By Tisha Gonda Domingo, Jorell Domingo, Jeannie E Celestial, Art Swenson, Romeo Roque-Nido, Jamar Cabebe
Paperback, 173 pages, 2019.
Rocketships & Wonderment
With the whole family at home, I’ve had to cook thrice as much as I did—which means I only cooked twice a week before we quarantined. So now I cook six times a week. That’s too much for me.
We grew tired of microwaving or adding hot water to our instant meals, so I finally caved in to the pressure and bought the much-raved Instant Pot. I didn’t think I needed it since I’m not a cook, but I wanted to feed my family my favorite Filipino food fast! Comfort food in times of discomfort.
It’s hard to find reliable Pinoy recipes online—even harder for those suited for the Instant Pot. Good thing, these six Filipino-Americans collaborated to compile their traditional family recipes and adapted them to our hungry hectic life.
The recipes work. I tried notorious time hogs like nilagang baka (beef soup) and chicken arroz caldo (rice porridge). Instant sarap! I didn’t even have to wait for the meats to defrost or soften. The meat still had ice when I browned it. The surprise was how well the kare-kare turned out. Buttery soft meat in a creamy peanut sauce. It’s now my picky eater child’s favorite.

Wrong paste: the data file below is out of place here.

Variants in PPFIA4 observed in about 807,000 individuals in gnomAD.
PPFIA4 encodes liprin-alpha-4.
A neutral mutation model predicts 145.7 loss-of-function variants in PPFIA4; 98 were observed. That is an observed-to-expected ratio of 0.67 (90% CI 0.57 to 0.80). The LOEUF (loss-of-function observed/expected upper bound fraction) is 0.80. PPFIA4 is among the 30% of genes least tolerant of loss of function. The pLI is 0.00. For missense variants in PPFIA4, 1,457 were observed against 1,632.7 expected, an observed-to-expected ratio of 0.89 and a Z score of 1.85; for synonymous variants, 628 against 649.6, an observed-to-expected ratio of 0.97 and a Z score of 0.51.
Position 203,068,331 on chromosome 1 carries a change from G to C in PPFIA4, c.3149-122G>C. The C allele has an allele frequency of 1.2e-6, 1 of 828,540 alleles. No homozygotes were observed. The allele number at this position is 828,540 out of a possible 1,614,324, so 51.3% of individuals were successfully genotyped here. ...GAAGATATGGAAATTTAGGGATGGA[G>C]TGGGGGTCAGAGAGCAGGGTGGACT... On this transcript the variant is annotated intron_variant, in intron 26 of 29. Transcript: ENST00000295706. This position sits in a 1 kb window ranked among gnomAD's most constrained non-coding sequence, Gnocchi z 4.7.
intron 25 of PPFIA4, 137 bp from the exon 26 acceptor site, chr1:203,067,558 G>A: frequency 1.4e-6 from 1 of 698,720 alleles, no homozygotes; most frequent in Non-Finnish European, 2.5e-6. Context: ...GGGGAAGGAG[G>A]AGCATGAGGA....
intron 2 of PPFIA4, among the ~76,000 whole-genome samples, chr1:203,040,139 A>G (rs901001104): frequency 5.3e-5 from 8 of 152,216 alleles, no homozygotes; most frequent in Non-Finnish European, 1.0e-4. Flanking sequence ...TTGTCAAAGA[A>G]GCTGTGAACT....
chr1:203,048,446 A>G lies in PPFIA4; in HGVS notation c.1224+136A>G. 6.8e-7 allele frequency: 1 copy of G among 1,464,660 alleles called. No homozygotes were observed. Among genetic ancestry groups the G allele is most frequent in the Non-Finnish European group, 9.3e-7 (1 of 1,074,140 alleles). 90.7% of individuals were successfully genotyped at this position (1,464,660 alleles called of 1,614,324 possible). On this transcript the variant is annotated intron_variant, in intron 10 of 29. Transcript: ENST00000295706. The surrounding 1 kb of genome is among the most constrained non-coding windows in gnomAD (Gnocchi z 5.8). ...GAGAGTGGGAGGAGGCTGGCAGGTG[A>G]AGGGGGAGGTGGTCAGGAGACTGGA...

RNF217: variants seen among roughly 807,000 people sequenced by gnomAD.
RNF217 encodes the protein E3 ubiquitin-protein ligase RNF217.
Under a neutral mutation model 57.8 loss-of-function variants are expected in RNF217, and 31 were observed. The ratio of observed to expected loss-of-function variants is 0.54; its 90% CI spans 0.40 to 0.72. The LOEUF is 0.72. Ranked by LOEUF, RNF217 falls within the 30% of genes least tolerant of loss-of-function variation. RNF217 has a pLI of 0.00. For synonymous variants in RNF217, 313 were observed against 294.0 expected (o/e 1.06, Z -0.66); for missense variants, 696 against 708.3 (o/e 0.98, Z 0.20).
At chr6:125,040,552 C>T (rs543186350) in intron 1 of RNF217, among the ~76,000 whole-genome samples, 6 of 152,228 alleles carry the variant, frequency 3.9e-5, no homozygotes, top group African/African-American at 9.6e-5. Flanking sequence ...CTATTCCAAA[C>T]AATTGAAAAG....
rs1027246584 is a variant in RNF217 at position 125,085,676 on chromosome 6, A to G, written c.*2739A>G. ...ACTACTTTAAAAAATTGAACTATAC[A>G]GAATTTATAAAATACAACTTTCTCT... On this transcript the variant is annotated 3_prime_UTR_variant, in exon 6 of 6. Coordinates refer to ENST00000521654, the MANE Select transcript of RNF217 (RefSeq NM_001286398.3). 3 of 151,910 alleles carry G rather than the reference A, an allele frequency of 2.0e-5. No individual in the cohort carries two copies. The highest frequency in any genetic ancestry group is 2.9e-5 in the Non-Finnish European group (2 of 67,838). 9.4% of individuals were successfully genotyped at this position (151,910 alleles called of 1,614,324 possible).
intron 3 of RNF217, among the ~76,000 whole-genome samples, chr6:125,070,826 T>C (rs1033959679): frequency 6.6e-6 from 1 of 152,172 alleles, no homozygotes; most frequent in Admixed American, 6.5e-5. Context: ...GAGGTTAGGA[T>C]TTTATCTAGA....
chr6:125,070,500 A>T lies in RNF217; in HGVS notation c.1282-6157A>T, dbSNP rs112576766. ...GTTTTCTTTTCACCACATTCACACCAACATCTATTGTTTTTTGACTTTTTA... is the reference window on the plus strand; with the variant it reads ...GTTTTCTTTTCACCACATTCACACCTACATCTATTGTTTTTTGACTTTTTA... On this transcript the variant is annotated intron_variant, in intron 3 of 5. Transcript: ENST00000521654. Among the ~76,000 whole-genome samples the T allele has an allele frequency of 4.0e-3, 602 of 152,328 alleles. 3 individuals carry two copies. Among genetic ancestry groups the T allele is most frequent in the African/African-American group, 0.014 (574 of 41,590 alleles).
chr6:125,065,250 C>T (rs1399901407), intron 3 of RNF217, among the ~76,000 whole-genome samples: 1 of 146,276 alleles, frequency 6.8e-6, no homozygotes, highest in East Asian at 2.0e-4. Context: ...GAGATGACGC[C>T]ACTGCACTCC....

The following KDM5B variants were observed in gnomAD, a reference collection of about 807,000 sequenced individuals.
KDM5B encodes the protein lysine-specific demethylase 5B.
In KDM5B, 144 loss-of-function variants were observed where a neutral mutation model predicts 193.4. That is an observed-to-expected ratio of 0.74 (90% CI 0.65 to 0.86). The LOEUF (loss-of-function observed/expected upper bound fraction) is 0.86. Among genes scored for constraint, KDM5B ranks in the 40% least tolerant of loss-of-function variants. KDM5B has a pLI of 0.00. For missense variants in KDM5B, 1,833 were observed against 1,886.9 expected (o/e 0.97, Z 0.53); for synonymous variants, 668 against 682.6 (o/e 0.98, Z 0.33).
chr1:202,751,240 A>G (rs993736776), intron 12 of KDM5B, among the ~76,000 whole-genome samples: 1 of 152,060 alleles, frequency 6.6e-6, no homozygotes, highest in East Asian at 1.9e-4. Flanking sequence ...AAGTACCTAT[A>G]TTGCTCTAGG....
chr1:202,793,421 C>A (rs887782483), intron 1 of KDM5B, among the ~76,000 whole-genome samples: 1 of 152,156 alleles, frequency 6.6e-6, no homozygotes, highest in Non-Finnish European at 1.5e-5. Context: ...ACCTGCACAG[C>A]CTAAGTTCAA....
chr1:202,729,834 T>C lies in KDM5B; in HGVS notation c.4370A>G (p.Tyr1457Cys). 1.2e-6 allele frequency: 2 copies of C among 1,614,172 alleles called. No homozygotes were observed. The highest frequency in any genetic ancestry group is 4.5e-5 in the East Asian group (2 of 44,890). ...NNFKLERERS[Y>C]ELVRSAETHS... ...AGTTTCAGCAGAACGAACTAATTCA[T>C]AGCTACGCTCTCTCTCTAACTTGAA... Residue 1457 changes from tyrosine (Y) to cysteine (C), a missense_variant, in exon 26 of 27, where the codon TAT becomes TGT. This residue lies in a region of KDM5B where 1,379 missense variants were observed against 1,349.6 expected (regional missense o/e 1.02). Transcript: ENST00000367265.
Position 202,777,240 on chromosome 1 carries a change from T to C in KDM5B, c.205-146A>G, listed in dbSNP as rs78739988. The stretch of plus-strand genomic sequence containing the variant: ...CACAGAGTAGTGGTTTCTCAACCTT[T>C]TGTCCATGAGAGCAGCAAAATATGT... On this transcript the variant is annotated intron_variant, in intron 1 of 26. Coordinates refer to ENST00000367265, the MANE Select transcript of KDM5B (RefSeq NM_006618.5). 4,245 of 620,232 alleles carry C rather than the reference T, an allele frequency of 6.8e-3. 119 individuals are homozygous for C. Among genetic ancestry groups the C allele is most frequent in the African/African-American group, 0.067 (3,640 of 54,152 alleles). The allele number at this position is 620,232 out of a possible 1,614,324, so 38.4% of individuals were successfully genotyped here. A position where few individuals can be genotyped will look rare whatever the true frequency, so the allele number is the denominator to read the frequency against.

I’m emboldened to try more of the 78 dishes, sweets, and sauces that I remember from childhood.
The beauty of the Instant Pot is that it’s a one pot wonder. I can sauté, boil, steam, slow-cook, pressure cook anything in the same pot. It even cooks rice perfectly. Whaaat?! I used to brown meat in a skillet (yup, I pretend I can cook) then transfer it to a crockpot. “That’s too many pots to wash!” complained my kids. Now they just wash one big pot. I got the largest for LOTS of soup and leftovers.
Now it doesn’t matter if I forgot to defrost the chicken or if I only have frozen stew meat. We’ll salivate with a steaming ulam in less than 40 minutes!